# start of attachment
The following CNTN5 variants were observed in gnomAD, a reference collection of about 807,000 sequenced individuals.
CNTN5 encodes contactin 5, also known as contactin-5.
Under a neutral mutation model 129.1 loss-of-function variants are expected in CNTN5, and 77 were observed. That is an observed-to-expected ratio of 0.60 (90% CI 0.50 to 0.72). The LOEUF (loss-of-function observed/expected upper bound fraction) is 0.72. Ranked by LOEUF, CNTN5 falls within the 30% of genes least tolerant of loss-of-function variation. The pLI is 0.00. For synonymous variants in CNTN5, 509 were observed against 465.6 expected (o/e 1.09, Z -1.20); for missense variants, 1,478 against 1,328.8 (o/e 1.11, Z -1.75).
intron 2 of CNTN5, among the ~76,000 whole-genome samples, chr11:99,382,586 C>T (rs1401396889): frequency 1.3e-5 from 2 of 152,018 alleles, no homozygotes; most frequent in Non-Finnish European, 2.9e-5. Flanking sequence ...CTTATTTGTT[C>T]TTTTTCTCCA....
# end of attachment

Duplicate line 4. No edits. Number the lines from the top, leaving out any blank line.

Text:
intron 2 of CNTN5, among the ~76,000 whole-genome samples, chr11:99,382,586 C>T (rs1401396889): frequency 1.3e-5 from 2 of 152,018 alleles, no homozygotes; most frequent in Non-Finnish European, 2.9e-5. Flanking sequence ...CTTATTTGTT[C>T]TTTTTCTCCA....